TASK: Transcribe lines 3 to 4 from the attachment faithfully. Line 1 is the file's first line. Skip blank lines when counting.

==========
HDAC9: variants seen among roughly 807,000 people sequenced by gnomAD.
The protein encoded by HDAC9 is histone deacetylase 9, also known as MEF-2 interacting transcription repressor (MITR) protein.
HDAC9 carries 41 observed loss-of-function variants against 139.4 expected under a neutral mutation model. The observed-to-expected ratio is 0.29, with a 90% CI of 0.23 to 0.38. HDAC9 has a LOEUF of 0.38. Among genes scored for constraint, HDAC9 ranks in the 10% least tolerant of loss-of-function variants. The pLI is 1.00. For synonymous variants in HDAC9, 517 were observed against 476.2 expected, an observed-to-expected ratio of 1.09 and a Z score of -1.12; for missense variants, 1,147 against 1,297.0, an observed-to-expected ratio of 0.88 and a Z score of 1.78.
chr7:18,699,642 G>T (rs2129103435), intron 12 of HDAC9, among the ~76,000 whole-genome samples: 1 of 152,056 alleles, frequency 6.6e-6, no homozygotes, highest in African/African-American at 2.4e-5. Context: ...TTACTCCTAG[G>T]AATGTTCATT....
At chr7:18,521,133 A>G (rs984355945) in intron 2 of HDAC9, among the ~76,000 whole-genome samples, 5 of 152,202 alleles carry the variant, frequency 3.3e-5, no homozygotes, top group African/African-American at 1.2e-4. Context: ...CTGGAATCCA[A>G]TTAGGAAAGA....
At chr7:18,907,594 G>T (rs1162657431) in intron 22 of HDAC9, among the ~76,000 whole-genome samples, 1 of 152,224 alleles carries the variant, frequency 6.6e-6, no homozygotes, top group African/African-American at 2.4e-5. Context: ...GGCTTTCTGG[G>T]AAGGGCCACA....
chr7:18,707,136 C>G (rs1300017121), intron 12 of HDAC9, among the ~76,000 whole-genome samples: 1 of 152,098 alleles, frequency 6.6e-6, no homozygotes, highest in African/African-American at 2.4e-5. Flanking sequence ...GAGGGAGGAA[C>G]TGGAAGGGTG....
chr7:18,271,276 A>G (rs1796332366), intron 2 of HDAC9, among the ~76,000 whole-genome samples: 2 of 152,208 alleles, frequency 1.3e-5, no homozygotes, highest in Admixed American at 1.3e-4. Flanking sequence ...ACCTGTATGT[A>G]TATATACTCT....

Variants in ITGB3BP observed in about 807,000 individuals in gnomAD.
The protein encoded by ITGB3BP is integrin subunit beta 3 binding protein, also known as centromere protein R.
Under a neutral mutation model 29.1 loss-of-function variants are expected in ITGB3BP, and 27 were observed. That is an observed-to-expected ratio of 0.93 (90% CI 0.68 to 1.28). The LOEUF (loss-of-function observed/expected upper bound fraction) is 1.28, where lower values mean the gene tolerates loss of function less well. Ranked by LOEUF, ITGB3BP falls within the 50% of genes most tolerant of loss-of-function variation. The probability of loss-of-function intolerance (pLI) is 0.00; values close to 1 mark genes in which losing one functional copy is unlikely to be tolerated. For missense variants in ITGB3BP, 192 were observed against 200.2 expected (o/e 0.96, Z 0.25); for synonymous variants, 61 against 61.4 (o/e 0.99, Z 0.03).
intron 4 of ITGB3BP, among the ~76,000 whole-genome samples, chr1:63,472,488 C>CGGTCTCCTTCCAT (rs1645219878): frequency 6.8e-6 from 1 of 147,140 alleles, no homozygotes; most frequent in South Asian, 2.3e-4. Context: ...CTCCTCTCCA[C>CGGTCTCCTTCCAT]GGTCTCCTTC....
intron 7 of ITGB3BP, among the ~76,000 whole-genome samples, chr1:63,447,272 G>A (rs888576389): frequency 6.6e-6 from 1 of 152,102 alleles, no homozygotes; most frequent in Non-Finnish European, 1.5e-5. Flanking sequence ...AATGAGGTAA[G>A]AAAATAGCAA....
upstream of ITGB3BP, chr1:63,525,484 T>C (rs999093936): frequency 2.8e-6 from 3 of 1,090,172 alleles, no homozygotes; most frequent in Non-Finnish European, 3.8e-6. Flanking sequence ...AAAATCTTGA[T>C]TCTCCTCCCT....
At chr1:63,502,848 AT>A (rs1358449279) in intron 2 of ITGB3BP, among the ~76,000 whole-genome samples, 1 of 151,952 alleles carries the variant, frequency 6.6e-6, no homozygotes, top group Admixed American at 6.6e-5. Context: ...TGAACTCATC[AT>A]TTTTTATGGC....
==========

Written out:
HDAC9 carries 41 observed loss-of-function variants against 139.4 expected under a neutral mutation model. The observed-to-expected ratio is 0.29, with a 90% CI of 0.23 to 0.38. HDAC9 has a LOEUF of 0.38. Among genes scored for constraint, HDAC9 ranks in the 10% least tolerant of loss-of-function variants. The pLI is 1.00. For synonymous variants in HDAC9, 517 were observed against 476.2 expected, an observed-to-expected ratio of 1.09 and a Z score of -1.12; for missense variants, 1,147 against 1,297.0, an observed-to-expected ratio of 0.88 and a Z score of 1.78.
chr7:18,699,642 G>T (rs2129103435), intron 12 of HDAC9, among the ~76,000 whole-genome samples: 1 of 152,056 alleles, frequency 6.6e-6, no homozygotes, highest in African/African-American at 2.4e-5. Context: ...TTACTCCTAG[G>T]AATGTTCATT....